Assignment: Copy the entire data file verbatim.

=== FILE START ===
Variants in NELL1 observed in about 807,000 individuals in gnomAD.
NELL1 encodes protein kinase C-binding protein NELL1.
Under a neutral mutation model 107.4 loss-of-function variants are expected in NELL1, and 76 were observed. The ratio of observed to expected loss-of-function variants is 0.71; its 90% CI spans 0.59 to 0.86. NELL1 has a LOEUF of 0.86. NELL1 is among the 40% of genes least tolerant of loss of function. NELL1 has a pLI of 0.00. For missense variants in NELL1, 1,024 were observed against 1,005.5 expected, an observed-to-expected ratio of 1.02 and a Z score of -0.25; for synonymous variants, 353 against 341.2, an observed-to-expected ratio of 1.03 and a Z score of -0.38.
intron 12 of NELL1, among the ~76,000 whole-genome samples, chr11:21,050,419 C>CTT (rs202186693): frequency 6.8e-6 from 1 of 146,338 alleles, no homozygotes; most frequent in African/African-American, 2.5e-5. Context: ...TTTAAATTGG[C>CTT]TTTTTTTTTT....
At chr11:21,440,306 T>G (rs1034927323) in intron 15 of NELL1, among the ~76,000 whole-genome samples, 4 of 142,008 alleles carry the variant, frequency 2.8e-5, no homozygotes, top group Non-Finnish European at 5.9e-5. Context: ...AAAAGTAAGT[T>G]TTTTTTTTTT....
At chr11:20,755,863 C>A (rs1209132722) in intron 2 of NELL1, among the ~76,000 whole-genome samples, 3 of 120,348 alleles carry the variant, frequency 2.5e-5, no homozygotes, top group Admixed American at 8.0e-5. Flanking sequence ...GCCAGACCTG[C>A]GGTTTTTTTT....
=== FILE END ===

Variants in NELL1 observed in about 807,000 individuals in gnomAD.
NELL1 encodes protein kinase C-binding protein NELL1.
Under a neutral mutation model 107.4 loss-of-function variants are expected in NELL1, and 76 were observed. The ratio of observed to expected loss-of-function variants is 0.71; its 90% CI spans 0.59 to 0.86. NELL1 has a LOEUF of 0.86. NELL1 is among the 40% of genes least tolerant of loss of function. NELL1 has a pLI of 0.00. For missense variants in NELL1, 1,024 were observed against 1,005.5 expected, an observed-to-expected ratio of 1.02 and a Z score of -0.25; for synonymous variants, 353 against 341.2, an observed-to-expected ratio of 1.03 and a Z score of -0.38.
intron 12 of NELL1, among the ~76,000 whole-genome samples, chr11:21,050,419 C>CTT (rs202186693): frequency 6.8e-6 from 1 of 146,338 alleles, no homozygotes; most frequent in African/African-American, 2.5e-5. Context: ...TTTAAATTGG[C>CTT]TTTTTTTTTT....
At chr11:21,440,306 T>G (rs1034927323) in intron 15 of NELL1, among the ~76,000 whole-genome samples, 4 of 142,008 alleles carry the variant, frequency 2.8e-5, no homozygotes, top group Non-Finnish European at 5.9e-5. Context: ...AAAAGTAAGT[T>G]TTTTTTTTTT....
At chr11:20,755,863 C>A (rs1209132722) in intron 2 of NELL1, among the ~76,000 whole-genome samples, 3 of 120,348 alleles carry the variant, frequency 2.5e-5, no homozygotes, top group Admixed American at 8.0e-5. Flanking sequence ...GCCAGACCTG[C>A]GGTTTTTTTT....